1 Wrightington and Leigh NHS Foundation Trust, The Upper Limb Unit, Wigan, United Kingdom
The Latarjet procedure is used to treat recurrent anterior shoulder instability in patients with bony glenoid loss and/or failed previous stabilisation surgery. It has reportedly high success rates, but recent publications have reported concerns of high complication rates. This study aims to assess the complications and outcomes of the Latarjet procedure in our institution, with a minimum 2-year follow-up and compared it to the current literature.
Patients who underwent the procedure over a 36-month period were included in this study (n=81). Seventy-three (90%) patients in our cohort competed in amateur to professional level sports. The indications for surgery were recurrent instability with associated bony glenoid deficiency and/or previous failed arthroscopic stabilisations. The Oxford Shoulder Instability, Constant Shoulder and QuickDASH scores were recorded pre- and post-operatively, along with post-operative complications and failures.
Eight (9.9%) complications were recorded: three re-dislocations, two deep infections, one haematoma, one screw breakage and one case of biceps tendinopathy. The mean pre-operative Oxford Shoulder Instability Score improved from 23.2 ± 10.1 to 37 ± 9.2 following the procedure. The mean Constant Shoulder and quickDASH scores also improved from 55.1 ± 21.2 and 30.3 ± 24.3 to 88.1 ± 9.2 and 17.7 ± 23.5 respectively. 98.6% of the patients returned to their pre-injury level of sports.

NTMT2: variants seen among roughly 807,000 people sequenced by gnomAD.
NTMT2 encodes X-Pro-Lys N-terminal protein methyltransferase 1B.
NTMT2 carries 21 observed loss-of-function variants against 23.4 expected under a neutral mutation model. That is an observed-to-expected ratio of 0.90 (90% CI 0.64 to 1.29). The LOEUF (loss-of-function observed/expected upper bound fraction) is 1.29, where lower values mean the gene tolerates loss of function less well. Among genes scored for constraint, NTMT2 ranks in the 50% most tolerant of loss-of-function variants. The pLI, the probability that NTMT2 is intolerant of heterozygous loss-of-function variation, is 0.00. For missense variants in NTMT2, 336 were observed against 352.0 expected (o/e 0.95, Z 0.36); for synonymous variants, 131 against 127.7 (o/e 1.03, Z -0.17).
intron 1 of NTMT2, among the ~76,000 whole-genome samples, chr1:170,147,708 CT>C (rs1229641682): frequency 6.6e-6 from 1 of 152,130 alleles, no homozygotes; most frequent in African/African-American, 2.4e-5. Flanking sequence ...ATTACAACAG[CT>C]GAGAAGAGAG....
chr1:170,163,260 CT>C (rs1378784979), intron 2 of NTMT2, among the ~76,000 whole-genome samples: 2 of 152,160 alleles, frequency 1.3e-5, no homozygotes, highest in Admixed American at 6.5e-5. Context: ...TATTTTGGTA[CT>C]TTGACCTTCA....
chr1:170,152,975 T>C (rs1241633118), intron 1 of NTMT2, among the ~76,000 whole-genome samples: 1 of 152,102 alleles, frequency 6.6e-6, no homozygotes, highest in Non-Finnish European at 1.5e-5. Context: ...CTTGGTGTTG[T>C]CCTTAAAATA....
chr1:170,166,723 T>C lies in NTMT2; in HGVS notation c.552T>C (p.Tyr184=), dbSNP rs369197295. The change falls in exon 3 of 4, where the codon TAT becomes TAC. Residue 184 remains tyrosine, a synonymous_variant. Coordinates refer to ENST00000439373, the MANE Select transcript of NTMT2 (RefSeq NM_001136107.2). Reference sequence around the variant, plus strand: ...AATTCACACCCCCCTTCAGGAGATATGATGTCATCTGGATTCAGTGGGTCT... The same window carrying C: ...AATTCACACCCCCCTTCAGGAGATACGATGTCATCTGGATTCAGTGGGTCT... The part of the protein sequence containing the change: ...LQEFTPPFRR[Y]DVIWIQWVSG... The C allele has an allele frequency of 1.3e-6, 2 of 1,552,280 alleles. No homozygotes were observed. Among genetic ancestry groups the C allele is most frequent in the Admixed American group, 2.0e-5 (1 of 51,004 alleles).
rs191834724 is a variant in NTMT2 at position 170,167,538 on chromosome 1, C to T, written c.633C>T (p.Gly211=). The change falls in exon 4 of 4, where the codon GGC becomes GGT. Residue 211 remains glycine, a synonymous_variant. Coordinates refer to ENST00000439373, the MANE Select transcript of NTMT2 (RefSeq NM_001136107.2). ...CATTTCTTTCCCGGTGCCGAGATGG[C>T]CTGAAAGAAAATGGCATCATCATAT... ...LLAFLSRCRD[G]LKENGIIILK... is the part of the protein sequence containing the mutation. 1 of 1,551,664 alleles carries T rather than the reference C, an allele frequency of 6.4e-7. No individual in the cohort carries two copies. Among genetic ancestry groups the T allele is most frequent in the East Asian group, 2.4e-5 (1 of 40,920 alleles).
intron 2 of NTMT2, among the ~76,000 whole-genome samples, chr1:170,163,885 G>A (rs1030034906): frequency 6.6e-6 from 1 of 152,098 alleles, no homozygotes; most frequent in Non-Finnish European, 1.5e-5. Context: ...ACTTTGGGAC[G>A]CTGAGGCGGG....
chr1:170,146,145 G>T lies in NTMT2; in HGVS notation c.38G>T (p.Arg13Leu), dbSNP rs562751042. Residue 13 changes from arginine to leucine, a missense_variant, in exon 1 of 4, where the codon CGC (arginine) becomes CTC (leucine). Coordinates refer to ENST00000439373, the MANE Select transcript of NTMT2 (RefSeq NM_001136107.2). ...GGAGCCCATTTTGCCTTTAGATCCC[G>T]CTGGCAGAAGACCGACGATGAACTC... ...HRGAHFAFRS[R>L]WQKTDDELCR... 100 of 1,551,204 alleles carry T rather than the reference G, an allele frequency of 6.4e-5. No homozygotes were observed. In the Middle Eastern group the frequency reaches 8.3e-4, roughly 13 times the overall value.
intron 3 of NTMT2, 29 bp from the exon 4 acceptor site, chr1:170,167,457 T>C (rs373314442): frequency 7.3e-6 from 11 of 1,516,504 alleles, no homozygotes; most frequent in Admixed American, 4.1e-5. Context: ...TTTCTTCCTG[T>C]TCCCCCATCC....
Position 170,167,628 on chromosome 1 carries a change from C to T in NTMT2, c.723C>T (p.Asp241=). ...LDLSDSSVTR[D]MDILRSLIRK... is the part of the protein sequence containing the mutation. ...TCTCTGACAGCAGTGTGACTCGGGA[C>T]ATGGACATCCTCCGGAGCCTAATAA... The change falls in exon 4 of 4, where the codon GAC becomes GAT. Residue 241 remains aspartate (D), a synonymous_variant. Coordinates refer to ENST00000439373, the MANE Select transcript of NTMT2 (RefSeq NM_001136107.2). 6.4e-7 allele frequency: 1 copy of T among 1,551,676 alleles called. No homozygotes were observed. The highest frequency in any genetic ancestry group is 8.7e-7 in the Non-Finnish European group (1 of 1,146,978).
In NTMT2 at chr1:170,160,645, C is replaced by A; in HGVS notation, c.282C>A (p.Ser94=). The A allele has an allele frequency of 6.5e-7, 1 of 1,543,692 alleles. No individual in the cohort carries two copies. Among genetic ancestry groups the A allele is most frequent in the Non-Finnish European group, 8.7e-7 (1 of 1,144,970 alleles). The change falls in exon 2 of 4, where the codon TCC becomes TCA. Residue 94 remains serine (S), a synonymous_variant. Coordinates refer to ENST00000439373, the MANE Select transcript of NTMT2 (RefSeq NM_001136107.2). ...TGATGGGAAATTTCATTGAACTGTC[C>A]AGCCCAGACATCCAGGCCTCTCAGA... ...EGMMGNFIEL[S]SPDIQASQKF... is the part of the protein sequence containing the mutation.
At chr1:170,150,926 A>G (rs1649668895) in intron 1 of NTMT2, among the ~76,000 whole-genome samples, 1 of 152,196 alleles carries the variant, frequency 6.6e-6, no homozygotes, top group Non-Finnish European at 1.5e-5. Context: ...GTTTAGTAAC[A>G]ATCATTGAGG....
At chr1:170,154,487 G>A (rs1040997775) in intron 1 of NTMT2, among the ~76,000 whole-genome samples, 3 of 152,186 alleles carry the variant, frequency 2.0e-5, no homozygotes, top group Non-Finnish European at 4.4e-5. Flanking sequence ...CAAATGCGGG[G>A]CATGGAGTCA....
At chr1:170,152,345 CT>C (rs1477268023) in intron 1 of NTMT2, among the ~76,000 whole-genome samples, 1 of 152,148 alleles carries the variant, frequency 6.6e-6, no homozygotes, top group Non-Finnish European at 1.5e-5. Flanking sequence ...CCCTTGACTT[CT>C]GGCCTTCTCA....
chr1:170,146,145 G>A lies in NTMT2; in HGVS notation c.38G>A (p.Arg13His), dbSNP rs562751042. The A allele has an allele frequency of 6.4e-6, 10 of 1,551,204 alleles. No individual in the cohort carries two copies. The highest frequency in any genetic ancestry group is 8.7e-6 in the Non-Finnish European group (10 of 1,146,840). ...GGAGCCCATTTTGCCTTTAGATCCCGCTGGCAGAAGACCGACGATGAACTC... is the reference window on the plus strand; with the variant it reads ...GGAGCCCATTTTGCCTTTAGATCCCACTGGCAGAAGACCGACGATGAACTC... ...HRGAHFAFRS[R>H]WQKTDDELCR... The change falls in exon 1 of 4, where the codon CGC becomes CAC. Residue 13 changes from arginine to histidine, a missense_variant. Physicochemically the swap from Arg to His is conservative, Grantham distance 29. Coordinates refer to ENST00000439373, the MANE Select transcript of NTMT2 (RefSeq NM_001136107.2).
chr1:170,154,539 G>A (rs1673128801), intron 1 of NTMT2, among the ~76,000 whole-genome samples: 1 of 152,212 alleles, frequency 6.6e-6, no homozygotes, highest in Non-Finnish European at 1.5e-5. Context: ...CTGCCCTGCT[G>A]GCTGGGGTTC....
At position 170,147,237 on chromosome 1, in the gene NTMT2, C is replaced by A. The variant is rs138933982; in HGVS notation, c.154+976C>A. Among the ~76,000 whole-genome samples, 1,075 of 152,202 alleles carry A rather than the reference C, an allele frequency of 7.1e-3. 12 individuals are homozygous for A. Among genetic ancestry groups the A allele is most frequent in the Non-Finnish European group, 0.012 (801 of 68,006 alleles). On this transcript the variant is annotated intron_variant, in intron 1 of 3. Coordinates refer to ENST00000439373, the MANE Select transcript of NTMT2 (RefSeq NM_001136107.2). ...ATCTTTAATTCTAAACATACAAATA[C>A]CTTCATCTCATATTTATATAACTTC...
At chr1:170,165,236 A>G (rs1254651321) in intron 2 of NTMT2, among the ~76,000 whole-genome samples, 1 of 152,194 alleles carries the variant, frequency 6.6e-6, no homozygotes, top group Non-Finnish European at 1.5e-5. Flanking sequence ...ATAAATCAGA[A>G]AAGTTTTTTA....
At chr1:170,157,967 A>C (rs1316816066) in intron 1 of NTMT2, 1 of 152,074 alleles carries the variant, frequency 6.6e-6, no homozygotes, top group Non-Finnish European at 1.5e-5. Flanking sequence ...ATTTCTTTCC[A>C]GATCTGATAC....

From this study it can be concluded the Latarjet procedure is an effective surgical treatment for
recurrent anterior shoulder instability associated with bony glenoid loss, even in high contact professional athletes. Complication rates are lower than previous recent studies have stated.
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